concordat (n.)

"agreement between church and state on a mutual matter," 1610s, from French concordat (16c.), from Medieval Latin concordatum, noun use of Latin concordatum, neuter past participle of concordare "to agree," from concors (genitive concordis) "of one mind" (see concord (n.)).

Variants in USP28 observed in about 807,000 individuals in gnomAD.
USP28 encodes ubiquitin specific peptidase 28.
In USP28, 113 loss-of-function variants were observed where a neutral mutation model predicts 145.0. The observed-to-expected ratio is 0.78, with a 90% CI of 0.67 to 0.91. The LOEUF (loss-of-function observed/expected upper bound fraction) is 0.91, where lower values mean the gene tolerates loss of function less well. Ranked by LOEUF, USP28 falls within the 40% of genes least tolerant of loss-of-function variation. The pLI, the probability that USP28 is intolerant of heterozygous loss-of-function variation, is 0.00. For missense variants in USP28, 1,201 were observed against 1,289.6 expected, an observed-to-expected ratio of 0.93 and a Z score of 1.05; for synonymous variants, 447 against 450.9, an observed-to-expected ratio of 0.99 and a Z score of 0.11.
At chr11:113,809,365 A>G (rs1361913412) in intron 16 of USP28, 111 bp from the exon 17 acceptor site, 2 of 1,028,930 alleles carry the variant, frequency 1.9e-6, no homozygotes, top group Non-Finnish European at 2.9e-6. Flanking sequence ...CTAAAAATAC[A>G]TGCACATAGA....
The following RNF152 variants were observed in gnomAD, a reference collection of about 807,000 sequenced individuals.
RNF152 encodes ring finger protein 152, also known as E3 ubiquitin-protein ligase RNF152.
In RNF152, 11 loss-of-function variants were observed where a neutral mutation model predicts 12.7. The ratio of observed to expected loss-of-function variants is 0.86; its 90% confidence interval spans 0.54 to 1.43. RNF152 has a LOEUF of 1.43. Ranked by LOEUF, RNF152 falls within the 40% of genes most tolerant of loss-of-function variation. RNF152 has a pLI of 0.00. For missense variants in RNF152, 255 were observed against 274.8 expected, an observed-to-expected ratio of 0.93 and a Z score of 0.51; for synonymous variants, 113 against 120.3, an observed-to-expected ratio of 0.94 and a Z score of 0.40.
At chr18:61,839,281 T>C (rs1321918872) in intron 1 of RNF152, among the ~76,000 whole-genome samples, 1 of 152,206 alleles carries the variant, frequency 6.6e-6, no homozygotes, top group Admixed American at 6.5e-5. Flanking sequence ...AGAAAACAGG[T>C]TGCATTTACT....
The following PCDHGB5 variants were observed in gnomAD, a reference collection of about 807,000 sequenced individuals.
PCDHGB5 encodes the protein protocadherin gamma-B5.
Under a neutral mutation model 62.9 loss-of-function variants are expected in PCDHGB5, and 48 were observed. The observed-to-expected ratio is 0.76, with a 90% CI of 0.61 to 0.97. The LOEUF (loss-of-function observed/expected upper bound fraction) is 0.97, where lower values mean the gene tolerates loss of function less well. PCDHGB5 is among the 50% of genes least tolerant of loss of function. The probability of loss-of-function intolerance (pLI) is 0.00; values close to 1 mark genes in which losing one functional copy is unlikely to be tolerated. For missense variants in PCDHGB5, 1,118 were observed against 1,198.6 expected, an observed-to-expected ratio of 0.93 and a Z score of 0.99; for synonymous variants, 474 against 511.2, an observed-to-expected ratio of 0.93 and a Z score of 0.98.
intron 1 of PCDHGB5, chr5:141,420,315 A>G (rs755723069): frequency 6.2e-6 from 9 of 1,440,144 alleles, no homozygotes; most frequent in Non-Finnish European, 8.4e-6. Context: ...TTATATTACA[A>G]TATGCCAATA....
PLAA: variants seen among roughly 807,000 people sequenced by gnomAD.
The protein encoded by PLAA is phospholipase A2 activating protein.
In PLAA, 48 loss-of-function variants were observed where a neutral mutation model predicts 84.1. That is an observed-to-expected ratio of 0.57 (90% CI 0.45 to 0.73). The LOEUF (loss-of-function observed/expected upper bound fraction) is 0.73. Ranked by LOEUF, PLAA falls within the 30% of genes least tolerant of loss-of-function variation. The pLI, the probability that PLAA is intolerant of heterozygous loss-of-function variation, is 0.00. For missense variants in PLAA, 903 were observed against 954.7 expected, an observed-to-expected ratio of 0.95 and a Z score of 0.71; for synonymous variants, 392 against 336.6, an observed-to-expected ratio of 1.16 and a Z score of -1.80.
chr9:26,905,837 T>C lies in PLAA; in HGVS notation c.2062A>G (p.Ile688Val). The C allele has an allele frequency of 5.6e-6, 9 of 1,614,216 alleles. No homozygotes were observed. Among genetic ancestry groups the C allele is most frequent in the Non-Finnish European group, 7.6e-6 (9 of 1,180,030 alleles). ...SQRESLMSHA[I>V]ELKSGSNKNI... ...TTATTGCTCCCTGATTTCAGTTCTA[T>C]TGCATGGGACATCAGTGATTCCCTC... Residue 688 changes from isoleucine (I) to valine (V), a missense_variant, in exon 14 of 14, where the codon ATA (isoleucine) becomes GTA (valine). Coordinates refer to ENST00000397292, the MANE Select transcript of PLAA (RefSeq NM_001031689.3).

The most celebrated modern concordat is that concluded in 1801 between Napoleon Bonaparte as first consul and Pius VII., defining the restored privileges of the Roman Catholic Church in France, and regulating in detail the relations between the ecclesiastical and civil powers. [Century Dictionary]

updated on February 21, 2018